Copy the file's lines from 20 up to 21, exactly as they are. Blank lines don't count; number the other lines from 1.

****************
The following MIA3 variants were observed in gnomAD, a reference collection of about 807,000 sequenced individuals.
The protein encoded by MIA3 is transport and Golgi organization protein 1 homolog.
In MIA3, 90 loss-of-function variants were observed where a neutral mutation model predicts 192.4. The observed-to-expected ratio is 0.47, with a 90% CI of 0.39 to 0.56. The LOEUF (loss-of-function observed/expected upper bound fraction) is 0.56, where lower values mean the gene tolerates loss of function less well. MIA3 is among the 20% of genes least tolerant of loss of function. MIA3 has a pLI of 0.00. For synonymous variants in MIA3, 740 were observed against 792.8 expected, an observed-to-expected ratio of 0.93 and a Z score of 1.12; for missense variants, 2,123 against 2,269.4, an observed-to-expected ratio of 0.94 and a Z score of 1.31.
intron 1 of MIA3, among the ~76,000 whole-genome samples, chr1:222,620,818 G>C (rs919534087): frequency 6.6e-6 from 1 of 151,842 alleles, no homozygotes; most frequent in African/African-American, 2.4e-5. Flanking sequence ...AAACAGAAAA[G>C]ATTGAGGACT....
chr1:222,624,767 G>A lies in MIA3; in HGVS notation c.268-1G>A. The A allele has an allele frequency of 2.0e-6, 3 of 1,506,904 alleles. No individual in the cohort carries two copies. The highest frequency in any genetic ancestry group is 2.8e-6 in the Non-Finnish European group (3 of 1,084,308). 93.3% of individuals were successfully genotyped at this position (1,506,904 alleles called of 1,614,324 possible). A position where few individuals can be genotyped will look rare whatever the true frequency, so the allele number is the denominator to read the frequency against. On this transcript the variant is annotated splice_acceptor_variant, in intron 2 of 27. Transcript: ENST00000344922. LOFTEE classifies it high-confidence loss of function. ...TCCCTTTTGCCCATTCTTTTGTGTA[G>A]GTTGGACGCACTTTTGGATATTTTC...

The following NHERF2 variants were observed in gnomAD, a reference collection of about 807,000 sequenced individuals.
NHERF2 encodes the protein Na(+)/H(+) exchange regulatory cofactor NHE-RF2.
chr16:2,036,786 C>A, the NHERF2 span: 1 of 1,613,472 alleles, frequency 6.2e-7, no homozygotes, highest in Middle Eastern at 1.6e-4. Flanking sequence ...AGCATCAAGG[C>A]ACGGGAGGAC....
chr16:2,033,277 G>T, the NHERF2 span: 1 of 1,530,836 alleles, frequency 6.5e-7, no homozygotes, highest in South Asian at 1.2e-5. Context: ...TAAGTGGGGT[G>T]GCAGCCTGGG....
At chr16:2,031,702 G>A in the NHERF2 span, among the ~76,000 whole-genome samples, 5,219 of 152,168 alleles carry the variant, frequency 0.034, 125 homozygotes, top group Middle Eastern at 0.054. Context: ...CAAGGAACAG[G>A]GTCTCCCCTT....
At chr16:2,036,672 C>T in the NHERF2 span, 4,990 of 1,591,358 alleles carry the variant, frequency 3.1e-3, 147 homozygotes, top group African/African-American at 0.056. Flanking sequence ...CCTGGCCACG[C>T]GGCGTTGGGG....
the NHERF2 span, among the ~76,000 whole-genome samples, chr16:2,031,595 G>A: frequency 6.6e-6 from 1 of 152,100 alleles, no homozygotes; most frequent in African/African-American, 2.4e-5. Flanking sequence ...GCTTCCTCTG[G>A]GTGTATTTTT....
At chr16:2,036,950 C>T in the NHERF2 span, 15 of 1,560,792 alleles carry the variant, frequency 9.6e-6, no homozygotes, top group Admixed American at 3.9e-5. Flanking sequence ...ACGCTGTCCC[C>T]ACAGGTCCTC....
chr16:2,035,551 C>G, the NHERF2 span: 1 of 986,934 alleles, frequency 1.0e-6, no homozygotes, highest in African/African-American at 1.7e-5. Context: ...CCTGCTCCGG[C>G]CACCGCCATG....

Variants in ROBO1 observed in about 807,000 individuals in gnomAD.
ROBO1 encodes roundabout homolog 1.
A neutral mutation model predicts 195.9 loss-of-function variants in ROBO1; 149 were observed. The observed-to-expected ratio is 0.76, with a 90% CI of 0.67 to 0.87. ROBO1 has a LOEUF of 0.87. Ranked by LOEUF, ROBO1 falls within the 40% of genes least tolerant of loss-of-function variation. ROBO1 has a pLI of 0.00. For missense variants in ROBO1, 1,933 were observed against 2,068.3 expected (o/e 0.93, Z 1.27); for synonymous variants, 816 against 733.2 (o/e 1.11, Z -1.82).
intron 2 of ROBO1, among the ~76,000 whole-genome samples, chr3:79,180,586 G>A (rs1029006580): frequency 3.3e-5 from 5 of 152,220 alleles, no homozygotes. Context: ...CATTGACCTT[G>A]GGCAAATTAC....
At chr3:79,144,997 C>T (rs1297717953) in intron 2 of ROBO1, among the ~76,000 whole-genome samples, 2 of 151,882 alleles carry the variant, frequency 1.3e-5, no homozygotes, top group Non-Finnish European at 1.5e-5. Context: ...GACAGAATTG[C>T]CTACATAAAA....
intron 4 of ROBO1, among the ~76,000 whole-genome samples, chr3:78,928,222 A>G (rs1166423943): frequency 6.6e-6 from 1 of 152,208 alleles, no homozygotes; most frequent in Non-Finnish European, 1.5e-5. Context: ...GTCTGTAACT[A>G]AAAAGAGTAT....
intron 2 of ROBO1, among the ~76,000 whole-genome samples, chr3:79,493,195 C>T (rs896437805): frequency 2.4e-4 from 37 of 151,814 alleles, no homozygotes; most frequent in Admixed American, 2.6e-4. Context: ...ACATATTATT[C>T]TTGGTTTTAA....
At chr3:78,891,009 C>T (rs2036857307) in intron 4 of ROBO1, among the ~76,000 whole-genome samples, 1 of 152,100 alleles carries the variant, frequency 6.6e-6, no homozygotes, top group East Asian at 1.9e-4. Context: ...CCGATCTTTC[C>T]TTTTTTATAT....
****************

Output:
intron 4 of ROBO1, among the ~76,000 whole-genome samples, chr3:78,928,222 A>G (rs1166423943): frequency 6.6e-6 from 1 of 152,208 alleles, no homozygotes; most frequent in Non-Finnish European, 1.5e-5. Context: ...GTCTGTAACT[A>G]AAAAGAGTAT....
intron 2 of ROBO1, among the ~76,000 whole-genome samples, chr3:79,493,195 C>T (rs896437805): frequency 2.4e-4 from 37 of 151,814 alleles, no homozygotes; most frequent in Admixed American, 2.6e-4. Context: ...ACATATTATT[C>T]TTGGTTTTAA....